Sunday at the Lab - December 4, 2005

I (Matt) came into the lab on Sunday to get some work done and brought along the new digital camera. It's been a while since people got a current glimpse of where we work.

(click on images for larger versions)

It was a beautiful day, so before entering the building I stepped on the back patio to get a glimpse of the view. That's the Lawrence Hall of Science directly below me, and then Berkeley/Oakland below that. Beyond that is the bay, with the Bay Bridge leading to San Francisco, and the Golden Gate right on the horizon between SF and the Marin Headlands. Pretty good view, no?
Here's my desk in the lab. Most of us occupy this room - currently Bob, Court, Jeff, David, me and Josh all have desks in here. My desktop is a Sun Ultra 10 with a flatscreen (nice). On the adjacent table is a PC running Windows 98 for those rare occasions I need to open a Microsoft Office document. That PC used to be the main Windows build machine for SETI@home classic. There are a pile of unused SunFire V100s next to that (only one has RAM in it). The juggling beanbags on those are actually Jeff's, though we all know how to juggle around here. The DLT tapes in random piles are SETI@home raw data tapes in varying states of splitting, depending on the pile. The picture is blurry. Still learning how to use my camera.
This is the right side of my desk. The DLT tapes are mostly network/database backup tapes, except for the bottom shelf - these hundred or so are the remaining SETI@home raw data tapes to be split into workunits.
In the center of the lab is this rack housing a bunch of unused test equipment and an incredibly noisy dual opteron server (to be used by the SETHI project). Court is setting that server up and soon we'll throw it in the server closet. Note the hatrack towards the back used for fibre cable storage. The door leads to another lab where they analyze moon rocks.
Here's where Dan and company used to build our SERENDIP data collection hardware. Since they have taken to working in nicer facilities down at the Berkeley Wireless Research Center, these lab benches have fallen victim to entropy. Actually, some work still gets done up here, believe it or not.
We also occupy a nearby half-lab, which isn't as human-friendly (due to noise and spatial constraints). Among other things in this lab is the new data recorder (attached to a bunch of test equipment). This is Jeff's baby. Once it's finished we'll collect fresh data from Arecibo again.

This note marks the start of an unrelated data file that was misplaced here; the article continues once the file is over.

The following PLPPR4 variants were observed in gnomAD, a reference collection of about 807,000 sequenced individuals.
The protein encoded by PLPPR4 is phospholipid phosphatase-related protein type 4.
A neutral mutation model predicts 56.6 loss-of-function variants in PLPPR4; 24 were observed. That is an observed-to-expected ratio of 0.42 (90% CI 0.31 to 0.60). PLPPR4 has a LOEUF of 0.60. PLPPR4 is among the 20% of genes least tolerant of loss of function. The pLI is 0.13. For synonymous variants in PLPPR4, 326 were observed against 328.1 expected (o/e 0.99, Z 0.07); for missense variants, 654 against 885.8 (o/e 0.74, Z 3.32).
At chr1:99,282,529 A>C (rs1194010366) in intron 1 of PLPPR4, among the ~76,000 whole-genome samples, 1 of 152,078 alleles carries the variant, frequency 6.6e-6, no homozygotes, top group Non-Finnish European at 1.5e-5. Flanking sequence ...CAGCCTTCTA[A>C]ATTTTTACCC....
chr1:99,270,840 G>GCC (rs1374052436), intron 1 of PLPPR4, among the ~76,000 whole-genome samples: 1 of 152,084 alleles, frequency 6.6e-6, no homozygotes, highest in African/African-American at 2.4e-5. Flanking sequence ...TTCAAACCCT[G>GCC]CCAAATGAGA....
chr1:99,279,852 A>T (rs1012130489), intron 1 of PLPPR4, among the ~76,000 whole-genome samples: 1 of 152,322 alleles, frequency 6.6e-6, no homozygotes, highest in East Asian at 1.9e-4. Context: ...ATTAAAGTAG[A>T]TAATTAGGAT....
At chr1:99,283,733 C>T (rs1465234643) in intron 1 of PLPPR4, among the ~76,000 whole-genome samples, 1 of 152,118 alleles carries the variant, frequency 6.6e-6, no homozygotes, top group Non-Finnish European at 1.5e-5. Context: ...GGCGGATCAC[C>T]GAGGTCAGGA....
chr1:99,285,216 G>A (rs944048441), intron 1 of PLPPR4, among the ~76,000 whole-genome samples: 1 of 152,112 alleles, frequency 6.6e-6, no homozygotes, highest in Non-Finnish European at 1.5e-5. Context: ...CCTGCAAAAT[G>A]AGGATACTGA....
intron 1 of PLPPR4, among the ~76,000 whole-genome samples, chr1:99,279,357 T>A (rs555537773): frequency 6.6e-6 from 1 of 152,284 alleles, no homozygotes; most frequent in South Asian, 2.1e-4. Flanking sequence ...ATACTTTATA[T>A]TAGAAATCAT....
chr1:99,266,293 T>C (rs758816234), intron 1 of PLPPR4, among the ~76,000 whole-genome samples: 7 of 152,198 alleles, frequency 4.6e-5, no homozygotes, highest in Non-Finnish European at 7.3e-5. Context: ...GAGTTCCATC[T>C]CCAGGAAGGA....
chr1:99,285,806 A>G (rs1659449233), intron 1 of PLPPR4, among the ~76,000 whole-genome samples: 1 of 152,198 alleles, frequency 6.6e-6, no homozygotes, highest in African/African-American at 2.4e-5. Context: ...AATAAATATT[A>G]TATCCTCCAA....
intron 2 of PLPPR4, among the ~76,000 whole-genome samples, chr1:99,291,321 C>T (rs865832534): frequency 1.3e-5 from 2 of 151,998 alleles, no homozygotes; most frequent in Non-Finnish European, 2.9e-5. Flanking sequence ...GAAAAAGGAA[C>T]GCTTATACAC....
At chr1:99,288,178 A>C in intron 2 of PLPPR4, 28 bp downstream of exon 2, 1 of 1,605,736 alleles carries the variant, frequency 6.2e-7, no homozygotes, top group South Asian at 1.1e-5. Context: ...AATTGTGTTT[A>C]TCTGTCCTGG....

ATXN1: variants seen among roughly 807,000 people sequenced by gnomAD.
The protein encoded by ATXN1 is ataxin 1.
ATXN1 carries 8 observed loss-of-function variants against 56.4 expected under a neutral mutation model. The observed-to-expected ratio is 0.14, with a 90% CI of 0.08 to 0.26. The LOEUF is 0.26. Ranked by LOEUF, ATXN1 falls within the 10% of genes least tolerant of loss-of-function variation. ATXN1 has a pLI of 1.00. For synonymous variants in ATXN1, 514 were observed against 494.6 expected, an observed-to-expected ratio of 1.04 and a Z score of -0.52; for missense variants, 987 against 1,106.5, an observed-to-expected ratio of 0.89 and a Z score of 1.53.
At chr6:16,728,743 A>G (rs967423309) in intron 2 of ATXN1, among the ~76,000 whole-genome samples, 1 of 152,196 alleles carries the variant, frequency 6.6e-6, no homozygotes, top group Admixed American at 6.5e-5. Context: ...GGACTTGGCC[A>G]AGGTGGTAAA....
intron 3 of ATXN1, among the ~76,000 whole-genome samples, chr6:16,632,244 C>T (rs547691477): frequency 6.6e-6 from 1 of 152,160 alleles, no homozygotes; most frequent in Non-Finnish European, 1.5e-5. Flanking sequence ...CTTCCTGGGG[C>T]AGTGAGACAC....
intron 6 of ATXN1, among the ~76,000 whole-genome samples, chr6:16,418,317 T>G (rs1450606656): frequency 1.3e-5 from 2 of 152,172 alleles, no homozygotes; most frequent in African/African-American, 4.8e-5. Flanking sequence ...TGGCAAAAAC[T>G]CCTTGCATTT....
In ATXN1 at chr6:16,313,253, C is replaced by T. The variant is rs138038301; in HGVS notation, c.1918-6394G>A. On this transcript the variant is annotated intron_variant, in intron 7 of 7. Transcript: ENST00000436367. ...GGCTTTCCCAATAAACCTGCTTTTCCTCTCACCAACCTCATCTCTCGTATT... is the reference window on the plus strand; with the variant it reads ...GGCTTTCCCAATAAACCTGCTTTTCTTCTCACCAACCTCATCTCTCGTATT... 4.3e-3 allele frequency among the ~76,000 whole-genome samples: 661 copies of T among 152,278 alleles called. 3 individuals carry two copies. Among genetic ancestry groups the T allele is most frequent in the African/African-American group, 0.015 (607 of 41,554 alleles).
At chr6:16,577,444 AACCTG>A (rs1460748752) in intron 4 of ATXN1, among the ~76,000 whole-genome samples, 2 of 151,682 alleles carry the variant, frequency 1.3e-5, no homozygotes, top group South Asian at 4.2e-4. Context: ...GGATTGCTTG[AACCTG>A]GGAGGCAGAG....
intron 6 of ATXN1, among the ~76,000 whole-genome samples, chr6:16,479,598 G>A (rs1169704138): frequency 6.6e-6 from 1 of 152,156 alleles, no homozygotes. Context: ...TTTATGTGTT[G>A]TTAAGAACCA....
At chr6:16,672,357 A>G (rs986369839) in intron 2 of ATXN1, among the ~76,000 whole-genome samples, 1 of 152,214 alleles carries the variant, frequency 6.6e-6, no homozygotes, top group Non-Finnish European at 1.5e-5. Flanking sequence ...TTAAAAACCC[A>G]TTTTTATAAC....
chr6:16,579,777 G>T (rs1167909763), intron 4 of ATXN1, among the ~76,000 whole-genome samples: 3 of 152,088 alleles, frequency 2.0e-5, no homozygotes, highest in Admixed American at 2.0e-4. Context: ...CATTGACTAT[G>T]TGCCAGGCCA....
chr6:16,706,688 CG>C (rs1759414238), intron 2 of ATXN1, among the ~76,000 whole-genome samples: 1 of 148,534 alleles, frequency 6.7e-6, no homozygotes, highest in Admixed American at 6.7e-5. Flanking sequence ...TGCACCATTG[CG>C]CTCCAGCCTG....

Here is the temporarily displaced BOINC upload/download server. It's a Sun E3500 with a half terabyte of fibre-attached storage sitting on top of it. We'd put it in the closet, but there just isn't any room in there. When SETI@home Classic shuts down, we'll make room.
Here's another E3500 with 2 terabytes of storage. This is the master science database. At this point in time, all final, reduced scientific products produced by SETI@home are sitting on this very machine (and we're busy merging it all into one, inclusive database). It's a busy machine.
Here are another couple of servers of note. In the rack on the left is a Dell server running linux which hosts the web site and BOINC alpha project, among other things. In the other rack is our Sun v40z dual opteron BOINC database server with a 3510 holding one terabyte of disks sitting on top.
Moving on to the server closet, located across the hall. This tiny, air conditioned room holds everything else. The leftmost rack has all our Sun D220Rs (mostly web and BOINC back-end servers). The middle rack is our 3 terabyte NetApp network attached storage (there's a whole bunch of 73GB disks in there). The rightmost rack has two Sun E450s (one is the SETI@home classic user database, the other is the classic "on-line" science database). In between the two is our SnapAppliance 18000 network attached storage (6 terabytes!). Off to the right side is another E450, which is the SETI@home classic data server. At one point in time that machine accounted for 33% of the entire campus bandwidth. We were then encouraged to get our own private ISP.
Squeeze behind the racks and you'll find another E3500 with a bunch of A5000 storage arrays attached to it. This is the old SETI@home classic "master" database, now functioning mostly as the SETI@home/BOINC scheduling server.
Here's the patio at the end of the hall where we have our meetings. Note the telescope that is hidden in the nearby trees about 200 yards away. It's not ours. Belongs to another project here at the lab.
This is the view from the patio looking down at the nearby Mathematical Sciences Research Institute, or MSRI (pronounced "misery"). They've been working on their new addition for a while now. Below that is Oakland. I can see my house from here. Okay back to work.

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SETI@home and Astropulse are funded by grants from the National Science Foundation, NASA, and donations from SETI@home volunteers. AstroPulse is funded in part by the NSF through grant AST-0307956.